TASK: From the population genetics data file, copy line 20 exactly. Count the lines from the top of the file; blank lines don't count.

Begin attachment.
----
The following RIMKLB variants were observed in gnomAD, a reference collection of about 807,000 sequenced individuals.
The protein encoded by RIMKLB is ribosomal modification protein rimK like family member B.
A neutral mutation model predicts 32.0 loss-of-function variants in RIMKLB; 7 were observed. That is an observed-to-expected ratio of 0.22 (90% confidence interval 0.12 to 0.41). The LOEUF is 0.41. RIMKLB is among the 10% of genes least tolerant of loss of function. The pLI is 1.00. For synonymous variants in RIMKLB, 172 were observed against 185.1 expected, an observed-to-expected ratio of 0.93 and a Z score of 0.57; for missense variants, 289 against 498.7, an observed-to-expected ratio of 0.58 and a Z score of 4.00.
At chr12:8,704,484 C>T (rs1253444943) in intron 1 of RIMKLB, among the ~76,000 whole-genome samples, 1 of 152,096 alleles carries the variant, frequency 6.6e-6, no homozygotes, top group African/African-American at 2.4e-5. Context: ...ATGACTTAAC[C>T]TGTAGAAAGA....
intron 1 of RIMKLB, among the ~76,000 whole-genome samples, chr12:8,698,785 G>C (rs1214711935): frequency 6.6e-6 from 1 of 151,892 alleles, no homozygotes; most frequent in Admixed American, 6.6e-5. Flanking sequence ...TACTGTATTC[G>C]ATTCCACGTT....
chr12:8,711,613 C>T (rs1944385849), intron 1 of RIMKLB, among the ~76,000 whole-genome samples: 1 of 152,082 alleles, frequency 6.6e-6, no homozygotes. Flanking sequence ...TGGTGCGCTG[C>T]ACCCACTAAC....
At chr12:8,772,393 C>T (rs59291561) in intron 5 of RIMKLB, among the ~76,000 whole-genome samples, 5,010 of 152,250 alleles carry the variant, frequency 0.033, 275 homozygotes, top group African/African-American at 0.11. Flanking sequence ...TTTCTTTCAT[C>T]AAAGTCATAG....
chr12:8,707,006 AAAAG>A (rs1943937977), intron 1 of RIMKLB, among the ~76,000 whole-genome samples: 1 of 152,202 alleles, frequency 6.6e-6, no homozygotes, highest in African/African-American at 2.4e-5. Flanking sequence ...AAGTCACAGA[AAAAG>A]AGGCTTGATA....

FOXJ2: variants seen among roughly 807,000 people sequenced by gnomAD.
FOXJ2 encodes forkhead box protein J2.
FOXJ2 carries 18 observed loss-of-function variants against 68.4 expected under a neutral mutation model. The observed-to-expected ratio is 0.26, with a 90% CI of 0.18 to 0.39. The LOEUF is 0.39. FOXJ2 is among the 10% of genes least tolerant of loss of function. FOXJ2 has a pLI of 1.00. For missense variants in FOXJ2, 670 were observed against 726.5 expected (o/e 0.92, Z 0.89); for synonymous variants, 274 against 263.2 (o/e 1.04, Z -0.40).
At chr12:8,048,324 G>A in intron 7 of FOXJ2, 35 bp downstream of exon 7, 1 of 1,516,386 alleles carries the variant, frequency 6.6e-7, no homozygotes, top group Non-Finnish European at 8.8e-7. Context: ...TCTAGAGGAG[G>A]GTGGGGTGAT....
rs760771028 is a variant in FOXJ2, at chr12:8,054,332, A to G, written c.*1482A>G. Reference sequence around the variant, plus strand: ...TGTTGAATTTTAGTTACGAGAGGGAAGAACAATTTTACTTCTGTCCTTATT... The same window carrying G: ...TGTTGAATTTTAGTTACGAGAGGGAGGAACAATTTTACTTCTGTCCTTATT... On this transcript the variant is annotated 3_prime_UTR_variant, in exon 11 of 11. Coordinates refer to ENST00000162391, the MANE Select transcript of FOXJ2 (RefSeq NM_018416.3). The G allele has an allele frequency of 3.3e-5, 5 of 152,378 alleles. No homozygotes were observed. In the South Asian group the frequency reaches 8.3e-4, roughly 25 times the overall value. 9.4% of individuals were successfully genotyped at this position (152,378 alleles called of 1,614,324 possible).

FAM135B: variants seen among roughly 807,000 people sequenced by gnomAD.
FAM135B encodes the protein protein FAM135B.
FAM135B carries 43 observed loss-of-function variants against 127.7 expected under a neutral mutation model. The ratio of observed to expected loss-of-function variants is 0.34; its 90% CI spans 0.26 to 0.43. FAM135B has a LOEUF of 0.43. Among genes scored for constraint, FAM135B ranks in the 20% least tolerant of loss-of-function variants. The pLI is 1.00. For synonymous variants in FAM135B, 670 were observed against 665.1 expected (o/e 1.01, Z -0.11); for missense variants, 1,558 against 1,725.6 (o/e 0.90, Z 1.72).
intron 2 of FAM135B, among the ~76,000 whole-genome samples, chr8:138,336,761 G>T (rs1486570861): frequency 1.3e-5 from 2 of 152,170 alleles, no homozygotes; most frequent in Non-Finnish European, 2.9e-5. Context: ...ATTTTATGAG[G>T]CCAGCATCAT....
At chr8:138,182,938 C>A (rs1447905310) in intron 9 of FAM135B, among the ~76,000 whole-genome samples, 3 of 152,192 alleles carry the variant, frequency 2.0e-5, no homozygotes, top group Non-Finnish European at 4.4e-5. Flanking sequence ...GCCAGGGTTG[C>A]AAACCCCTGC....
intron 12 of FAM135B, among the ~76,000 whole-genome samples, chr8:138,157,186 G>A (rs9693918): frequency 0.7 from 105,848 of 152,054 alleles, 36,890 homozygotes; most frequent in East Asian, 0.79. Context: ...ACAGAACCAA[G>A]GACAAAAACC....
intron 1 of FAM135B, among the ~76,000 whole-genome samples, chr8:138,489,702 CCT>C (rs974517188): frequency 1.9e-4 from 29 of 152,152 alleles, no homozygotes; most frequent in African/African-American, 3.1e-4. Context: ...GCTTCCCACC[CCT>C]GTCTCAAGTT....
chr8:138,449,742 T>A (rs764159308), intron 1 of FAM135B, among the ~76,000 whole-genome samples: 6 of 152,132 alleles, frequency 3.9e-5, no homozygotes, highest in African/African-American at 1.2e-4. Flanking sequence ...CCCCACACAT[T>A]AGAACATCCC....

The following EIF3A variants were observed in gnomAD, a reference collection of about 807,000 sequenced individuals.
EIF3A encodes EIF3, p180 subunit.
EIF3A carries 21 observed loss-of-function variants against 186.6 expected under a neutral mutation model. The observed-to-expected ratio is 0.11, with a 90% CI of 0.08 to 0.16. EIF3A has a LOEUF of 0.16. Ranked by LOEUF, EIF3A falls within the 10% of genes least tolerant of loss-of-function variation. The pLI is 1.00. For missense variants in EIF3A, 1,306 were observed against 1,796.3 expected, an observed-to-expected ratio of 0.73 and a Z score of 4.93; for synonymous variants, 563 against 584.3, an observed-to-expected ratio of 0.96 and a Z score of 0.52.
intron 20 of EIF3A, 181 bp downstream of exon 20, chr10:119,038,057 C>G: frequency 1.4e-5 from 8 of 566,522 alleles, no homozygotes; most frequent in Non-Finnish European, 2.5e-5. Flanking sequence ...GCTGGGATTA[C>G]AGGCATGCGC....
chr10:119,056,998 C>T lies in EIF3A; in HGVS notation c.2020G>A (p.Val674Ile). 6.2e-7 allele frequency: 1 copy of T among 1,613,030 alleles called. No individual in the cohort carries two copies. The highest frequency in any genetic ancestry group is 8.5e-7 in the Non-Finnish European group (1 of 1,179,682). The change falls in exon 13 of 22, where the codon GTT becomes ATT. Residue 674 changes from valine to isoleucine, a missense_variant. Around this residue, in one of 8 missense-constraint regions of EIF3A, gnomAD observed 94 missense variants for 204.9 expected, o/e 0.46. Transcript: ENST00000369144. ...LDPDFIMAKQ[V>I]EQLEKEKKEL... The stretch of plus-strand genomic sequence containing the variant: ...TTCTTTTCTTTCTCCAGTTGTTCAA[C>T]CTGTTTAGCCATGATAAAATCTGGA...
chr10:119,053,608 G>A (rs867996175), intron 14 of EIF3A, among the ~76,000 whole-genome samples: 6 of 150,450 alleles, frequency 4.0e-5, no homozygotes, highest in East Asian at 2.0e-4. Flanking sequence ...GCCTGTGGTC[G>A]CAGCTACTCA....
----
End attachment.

intron 1 of FAM135B, among the ~76,000 whole-genome samples, chr8:138,489,702 CCT>C (rs974517188): frequency 1.9e-4 from 29 of 152,152 alleles, no homozygotes; most frequent in African/African-American, 3.1e-4. Context: ...GCTTCCCACC[CCT>C]GTCTCAAGTT....